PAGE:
I knew doing something at this scale, in a district where they had never done anything like this before, that there were going to be logistical challenges. You can’t do something at this scale, with [the] limited resources that we have, and not think that there’s going to be some issues. And we got some really good feedback from people on what we want to do differently next year. First of all, we’re going to start planning for next year, this year, so that we can secure a better location, make sure that staff can see and here. We also want to do it probably in October, so people don’t feel sort of the rush of the start of school and so that our non-contract employees who couldn’t be there, we want everyone to be able to be there. So, we’re looking at making some significant improvements for next year.

And I will tell you that I still believe it was important to bring us all together, and I read plenty and responded to plenty of the criticism as well. But I will tell you that the appreciation that I received from staff far outweighed the criticism. They appreciated bringing everyone together and setting the tone for the year, and being really clear in what our strategic plan is, and where we’re headed. And they loved seeing each other. You know, one thing that I heard was, ‘God, it was so great to see so-and-so, we worked together 20 years ago, and I never see them anymore, because they’re at this other school.’ And so next year, we want to build in some more like structured socializing time, so that people can really see one another again.

We’re a 6,600 square mile district and we’re pretty spread out. And really, at the end of the day, there’s power in personal connection. And people are really craving that, given what we’ve all been through over the last few years. So, I’m excited to apply the lessons learned from this year to make next year’s event a really, really great one.

You mentioned trying to do something large, at scale, with limited resources. That tends to be kind of a theme, at least as long as I’ve been here in the region, with the school district and the way education works. Now I know the [Nevada] Legislature just passed an historic education budget. Where are we with teacher raises and negotiations on that? What can teachers expect in terms of pay raises?

Well, we’re in active negotiations right now and our teams are working really hard. We’re all committed to getting to yes, but I can’t comment further at this point.

Can you say at all, like a timeline or anything, where people might be able to least hear something?

No, I can’t, because I don’t control negotiations. The very nature of negotiations is they take as long as they need to. But what I think is important to remind folks is that whatever is agreed to will be retroactive. So, the fact that negotiations are going on perhaps longer than people would like, myself included, doesn’t mean that staff is losing out on any compensation.

Last question for me, [and] it’s kind of a two-part question. The Washoe County School District is a very unique district. I’m sure it’s very unique compared to where you’ve previously worked. I’m just curious, what do you see as some of the bigger challenges facing the district? And then what do you see as sort of the solutions to help fix those issues?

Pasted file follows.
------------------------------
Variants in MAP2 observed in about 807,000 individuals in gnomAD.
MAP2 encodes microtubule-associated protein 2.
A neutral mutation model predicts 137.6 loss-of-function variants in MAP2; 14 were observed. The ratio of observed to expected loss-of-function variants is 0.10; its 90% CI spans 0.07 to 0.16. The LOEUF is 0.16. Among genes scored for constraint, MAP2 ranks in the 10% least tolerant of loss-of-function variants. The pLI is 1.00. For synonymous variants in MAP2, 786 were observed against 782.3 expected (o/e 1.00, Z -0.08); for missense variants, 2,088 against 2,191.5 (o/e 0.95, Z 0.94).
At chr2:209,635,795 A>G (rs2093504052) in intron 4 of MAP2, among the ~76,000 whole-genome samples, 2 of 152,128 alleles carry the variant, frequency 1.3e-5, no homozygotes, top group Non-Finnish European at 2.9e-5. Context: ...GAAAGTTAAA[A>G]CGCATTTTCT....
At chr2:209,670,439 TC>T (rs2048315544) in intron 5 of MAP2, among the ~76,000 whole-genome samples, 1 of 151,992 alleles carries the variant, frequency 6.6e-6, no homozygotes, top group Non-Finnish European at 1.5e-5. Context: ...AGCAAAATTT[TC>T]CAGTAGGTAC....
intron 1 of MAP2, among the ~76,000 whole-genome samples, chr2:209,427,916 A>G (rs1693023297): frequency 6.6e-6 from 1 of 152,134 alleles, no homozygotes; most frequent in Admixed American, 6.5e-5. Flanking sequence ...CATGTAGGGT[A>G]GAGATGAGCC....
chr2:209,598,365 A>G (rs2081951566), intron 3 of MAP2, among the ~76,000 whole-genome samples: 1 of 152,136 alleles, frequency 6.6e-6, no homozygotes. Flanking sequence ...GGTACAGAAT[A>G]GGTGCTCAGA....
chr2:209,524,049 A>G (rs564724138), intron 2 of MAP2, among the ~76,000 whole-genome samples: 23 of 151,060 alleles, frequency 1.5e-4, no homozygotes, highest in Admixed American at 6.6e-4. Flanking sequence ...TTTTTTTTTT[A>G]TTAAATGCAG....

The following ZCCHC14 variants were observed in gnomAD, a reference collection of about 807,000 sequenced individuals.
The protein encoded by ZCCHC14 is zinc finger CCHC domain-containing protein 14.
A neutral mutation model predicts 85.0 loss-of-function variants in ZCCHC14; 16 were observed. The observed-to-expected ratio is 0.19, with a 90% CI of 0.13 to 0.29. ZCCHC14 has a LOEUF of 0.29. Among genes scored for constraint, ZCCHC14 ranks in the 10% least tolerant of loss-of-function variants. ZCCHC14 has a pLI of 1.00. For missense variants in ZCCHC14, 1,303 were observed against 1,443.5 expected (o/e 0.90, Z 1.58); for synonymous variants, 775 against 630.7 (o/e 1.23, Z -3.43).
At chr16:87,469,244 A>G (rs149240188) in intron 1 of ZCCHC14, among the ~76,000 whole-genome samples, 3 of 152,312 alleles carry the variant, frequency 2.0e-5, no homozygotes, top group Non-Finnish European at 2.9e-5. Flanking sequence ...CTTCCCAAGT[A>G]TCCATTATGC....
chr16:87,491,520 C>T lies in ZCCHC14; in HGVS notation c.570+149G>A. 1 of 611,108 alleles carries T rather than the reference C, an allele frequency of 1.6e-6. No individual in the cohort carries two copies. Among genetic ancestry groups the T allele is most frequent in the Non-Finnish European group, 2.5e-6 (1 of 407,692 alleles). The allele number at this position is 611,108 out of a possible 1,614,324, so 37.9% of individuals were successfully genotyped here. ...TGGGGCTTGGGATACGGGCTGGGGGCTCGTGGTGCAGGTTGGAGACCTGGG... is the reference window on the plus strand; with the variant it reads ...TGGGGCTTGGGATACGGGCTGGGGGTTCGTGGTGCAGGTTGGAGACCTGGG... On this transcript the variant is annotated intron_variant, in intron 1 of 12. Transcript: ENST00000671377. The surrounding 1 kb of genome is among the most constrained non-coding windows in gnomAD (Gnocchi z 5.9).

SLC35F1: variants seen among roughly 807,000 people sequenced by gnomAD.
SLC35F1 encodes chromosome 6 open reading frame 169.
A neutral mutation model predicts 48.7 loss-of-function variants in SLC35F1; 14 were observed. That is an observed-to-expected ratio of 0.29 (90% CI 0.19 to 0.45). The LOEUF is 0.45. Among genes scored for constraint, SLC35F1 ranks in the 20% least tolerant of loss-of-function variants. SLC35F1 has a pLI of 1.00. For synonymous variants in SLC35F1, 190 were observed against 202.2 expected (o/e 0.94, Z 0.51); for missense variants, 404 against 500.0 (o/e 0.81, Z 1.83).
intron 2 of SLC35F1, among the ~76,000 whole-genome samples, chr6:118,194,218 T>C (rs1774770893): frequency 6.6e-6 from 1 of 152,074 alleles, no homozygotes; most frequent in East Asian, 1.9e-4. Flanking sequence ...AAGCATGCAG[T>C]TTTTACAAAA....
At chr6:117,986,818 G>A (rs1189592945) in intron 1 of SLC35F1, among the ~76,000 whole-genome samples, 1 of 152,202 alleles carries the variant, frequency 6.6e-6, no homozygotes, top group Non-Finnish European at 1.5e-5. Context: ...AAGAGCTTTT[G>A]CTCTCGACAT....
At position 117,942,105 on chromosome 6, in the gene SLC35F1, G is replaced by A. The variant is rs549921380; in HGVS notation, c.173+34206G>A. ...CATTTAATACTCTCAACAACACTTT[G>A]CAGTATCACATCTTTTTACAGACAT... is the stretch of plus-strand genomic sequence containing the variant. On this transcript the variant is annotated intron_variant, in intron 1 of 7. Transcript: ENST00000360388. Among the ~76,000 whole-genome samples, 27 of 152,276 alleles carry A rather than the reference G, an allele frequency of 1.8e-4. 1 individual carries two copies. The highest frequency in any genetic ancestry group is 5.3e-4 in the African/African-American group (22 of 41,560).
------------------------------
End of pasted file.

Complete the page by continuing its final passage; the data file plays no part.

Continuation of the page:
Well, I think that I think state funding is certainly a challenge. And it is true that the legislature passed [an] historic education budget this year, for which we are definitely grateful. And I think it’s important to note that that’s a down payment on what needs to be an ongoing investment. Unfortunately, this state budget does not make up for decades of underfunding. So, I don’t think anybody should feel that the job is done and we now have all the adequate funding that we need. So, I think that’s important.

The funding piece is very, very real, especially in a place like Washoe County, where the cost of living continues to rise. We know that we have to look at issues of compensation seriously. And so, I think that is one of the bigger challenges that all of us in the state of Nevada face.

I think maybe more unique, but not entirely unique to Washoe County, we are as I said, 6,600 square miles. We’re pretty spread out. So, I think it’s important that we build systems that create reliability in service and support, regardless of what school a staff or student is at. Building those systems, I think, is, is an opportunity. It’s a challenge, but it’s also a huge opportunity. The takeaway that I’ve shared with people, since I arrived last year, is we’ve got extraordinary professionals working in this district. And my job as the superintendent is to help build systems that are equally extraordinary and worthy of the staff that show up each and every day to do their best. And so that’s what we’re really focused on right now, is how do we put those systems in place for the district to function reliably, efficiently, effectively, so that every employee feels supported and every student feels supported and succeeds.

I say it all the time, while our challenges are real, the opportunities for greatness, I think, are just tremendous. I say constantly we are a district on the rise, and I believe that. I am really, really humbled and inspired when I walk into our schools and our classrooms and see the extraordinary work that our people are doing for children and families. We just need to build a system that better supports them in doing that great work.

Dr. Susan Enfield is the superintendent of the Washoe County School District.

Editor’s Note: This interview was edited slightly for length and clarity.